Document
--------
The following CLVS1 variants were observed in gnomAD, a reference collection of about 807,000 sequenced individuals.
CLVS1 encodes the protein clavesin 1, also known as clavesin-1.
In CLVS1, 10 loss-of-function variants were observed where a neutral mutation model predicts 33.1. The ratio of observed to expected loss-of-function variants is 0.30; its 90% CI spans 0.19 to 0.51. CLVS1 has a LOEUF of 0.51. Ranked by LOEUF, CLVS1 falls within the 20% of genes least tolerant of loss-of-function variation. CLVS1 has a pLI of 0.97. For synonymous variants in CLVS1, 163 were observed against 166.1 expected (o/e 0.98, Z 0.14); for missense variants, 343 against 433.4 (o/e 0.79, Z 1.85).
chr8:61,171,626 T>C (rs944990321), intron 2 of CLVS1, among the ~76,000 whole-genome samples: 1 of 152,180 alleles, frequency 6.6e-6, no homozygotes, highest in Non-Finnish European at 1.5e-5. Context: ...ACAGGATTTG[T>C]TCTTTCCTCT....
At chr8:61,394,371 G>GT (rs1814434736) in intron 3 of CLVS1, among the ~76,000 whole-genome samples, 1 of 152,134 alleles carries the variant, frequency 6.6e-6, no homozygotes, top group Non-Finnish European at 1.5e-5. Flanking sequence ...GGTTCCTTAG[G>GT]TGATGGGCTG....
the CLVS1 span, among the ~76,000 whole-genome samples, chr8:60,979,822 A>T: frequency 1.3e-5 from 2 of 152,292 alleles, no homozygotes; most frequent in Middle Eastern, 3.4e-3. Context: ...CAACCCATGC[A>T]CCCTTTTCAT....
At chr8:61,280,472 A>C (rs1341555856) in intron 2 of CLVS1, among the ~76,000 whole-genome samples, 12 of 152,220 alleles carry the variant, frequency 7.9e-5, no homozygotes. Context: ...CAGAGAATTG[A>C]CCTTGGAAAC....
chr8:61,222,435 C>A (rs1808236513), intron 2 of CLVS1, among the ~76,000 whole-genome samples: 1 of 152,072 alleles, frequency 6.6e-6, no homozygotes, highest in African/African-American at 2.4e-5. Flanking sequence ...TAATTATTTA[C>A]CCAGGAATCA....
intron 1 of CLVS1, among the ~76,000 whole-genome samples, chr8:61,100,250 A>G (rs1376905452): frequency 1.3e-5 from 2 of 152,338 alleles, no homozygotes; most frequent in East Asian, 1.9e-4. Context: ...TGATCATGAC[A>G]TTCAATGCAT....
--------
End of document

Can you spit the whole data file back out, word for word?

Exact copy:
The following CLVS1 variants were observed in gnomAD, a reference collection of about 807,000 sequenced individuals.
CLVS1 encodes the protein clavesin 1, also known as clavesin-1.
In CLVS1, 10 loss-of-function variants were observed where a neutral mutation model predicts 33.1. The ratio of observed to expected loss-of-function variants is 0.30; its 90% CI spans 0.19 to 0.51. CLVS1 has a LOEUF of 0.51. Ranked by LOEUF, CLVS1 falls within the 20% of genes least tolerant of loss-of-function variation. CLVS1 has a pLI of 0.97. For synonymous variants in CLVS1, 163 were observed against 166.1 expected (o/e 0.98, Z 0.14); for missense variants, 343 against 433.4 (o/e 0.79, Z 1.85).
chr8:61,171,626 T>C (rs944990321), intron 2 of CLVS1, among the ~76,000 whole-genome samples: 1 of 152,180 alleles, frequency 6.6e-6, no homozygotes, highest in Non-Finnish European at 1.5e-5. Context: ...ACAGGATTTG[T>C]TCTTTCCTCT....
At chr8:61,394,371 G>GT (rs1814434736) in intron 3 of CLVS1, among the ~76,000 whole-genome samples, 1 of 152,134 alleles carries the variant, frequency 6.6e-6, no homozygotes, top group Non-Finnish European at 1.5e-5. Flanking sequence ...GGTTCCTTAG[G>GT]TGATGGGCTG....
the CLVS1 span, among the ~76,000 whole-genome samples, chr8:60,979,822 A>T: frequency 1.3e-5 from 2 of 152,292 alleles, no homozygotes; most frequent in Middle Eastern, 3.4e-3. Context: ...CAACCCATGC[A>T]CCCTTTTCAT....
At chr8:61,280,472 A>C (rs1341555856) in intron 2 of CLVS1, among the ~76,000 whole-genome samples, 12 of 152,220 alleles carry the variant, frequency 7.9e-5, no homozygotes. Context: ...CAGAGAATTG[A>C]CCTTGGAAAC....
chr8:61,222,435 C>A (rs1808236513), intron 2 of CLVS1, among the ~76,000 whole-genome samples: 1 of 152,072 alleles, frequency 6.6e-6, no homozygotes, highest in African/African-American at 2.4e-5. Flanking sequence ...TAATTATTTA[C>A]CCAGGAATCA....
intron 1 of CLVS1, among the ~76,000 whole-genome samples, chr8:61,100,250 A>G (rs1376905452): frequency 1.3e-5 from 2 of 152,338 alleles, no homozygotes; most frequent in East Asian, 1.9e-4. Context: ...TGATCATGAC[A>G]TTCAATGCAT....